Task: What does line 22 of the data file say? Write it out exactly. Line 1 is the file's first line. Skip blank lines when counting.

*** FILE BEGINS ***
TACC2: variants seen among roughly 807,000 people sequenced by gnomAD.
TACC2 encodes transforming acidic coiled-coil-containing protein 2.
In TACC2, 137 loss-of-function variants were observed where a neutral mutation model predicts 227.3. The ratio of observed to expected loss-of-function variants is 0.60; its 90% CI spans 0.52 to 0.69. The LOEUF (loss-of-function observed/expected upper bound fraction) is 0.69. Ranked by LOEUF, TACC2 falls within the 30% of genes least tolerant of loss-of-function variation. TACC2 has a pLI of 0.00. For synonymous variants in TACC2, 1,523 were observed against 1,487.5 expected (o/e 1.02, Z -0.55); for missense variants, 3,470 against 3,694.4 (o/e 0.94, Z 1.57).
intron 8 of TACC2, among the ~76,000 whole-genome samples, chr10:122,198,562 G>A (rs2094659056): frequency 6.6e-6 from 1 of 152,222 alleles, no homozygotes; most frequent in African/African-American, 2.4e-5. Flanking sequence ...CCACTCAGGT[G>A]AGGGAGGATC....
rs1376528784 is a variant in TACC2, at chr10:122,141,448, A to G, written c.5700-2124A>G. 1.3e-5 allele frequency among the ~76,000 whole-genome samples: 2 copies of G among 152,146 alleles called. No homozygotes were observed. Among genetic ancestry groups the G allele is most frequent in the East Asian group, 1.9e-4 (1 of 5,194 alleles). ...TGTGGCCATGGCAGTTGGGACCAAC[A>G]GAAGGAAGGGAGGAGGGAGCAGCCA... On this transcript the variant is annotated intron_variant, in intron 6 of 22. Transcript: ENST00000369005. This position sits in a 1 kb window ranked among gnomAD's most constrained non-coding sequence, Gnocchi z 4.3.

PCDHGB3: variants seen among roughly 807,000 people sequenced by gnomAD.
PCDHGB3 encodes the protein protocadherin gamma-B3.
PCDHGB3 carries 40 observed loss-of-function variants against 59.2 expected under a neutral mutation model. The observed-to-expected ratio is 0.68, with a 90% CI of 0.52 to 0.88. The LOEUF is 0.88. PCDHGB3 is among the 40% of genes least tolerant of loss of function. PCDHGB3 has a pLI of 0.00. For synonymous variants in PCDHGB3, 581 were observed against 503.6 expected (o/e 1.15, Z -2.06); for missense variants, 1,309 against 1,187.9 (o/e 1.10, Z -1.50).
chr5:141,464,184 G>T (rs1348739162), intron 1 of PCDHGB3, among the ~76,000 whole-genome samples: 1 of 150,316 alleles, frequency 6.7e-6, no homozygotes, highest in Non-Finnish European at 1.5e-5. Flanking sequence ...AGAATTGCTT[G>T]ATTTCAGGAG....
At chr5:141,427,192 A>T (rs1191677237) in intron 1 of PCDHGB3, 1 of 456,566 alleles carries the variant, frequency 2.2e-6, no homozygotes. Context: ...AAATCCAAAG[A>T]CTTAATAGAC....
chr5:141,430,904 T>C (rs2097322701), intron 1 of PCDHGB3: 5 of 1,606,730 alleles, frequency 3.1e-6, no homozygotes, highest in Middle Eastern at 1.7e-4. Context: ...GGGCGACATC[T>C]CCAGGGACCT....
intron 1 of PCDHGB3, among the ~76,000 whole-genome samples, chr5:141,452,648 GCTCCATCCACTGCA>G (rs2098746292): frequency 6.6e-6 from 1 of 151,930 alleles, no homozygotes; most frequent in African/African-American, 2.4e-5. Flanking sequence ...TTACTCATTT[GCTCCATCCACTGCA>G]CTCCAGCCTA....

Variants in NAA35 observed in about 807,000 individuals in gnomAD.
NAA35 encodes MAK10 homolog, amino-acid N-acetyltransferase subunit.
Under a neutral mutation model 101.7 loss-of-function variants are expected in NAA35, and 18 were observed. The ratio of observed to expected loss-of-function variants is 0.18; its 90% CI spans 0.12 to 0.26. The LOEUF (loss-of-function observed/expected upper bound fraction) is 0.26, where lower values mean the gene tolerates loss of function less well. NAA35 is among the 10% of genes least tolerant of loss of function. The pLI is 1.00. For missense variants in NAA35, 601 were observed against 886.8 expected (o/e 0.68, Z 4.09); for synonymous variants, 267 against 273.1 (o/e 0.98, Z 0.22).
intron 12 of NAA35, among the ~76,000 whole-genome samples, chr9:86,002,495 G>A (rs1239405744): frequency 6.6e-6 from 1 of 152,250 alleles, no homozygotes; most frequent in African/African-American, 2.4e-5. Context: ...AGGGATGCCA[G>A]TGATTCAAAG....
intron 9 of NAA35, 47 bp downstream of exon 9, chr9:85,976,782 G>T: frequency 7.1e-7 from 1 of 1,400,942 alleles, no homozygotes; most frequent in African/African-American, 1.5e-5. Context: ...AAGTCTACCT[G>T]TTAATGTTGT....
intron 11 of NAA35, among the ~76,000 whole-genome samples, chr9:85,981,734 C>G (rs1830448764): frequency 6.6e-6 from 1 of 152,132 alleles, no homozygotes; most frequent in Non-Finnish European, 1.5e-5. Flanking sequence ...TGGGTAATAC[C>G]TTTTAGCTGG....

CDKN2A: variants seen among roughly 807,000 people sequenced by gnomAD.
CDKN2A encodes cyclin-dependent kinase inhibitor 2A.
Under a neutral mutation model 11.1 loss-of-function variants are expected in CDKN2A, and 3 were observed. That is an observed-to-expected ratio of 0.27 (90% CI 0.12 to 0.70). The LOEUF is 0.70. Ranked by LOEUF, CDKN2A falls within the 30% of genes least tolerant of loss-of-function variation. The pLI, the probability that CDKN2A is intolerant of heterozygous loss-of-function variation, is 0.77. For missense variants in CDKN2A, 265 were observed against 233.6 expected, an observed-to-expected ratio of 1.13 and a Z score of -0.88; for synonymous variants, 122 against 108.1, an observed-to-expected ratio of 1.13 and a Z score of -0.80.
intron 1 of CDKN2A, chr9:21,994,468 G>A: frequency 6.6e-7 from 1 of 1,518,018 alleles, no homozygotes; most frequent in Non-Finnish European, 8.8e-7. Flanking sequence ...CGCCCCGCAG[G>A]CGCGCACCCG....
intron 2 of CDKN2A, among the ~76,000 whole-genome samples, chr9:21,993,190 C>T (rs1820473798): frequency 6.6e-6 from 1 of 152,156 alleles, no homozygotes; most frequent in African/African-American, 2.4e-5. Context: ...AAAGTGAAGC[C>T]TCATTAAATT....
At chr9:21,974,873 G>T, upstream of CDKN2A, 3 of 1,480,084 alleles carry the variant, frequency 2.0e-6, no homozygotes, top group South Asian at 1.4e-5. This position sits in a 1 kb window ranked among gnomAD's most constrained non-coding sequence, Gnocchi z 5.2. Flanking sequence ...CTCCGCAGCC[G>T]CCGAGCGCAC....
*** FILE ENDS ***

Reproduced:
intron 1 of CDKN2A, chr9:21,994,468 G>A: frequency 6.6e-7 from 1 of 1,518,018 alleles, no homozygotes; most frequent in Non-Finnish European, 8.8e-7. Flanking sequence ...CGCCCCGCAG[G>A]CGCGCACCCG....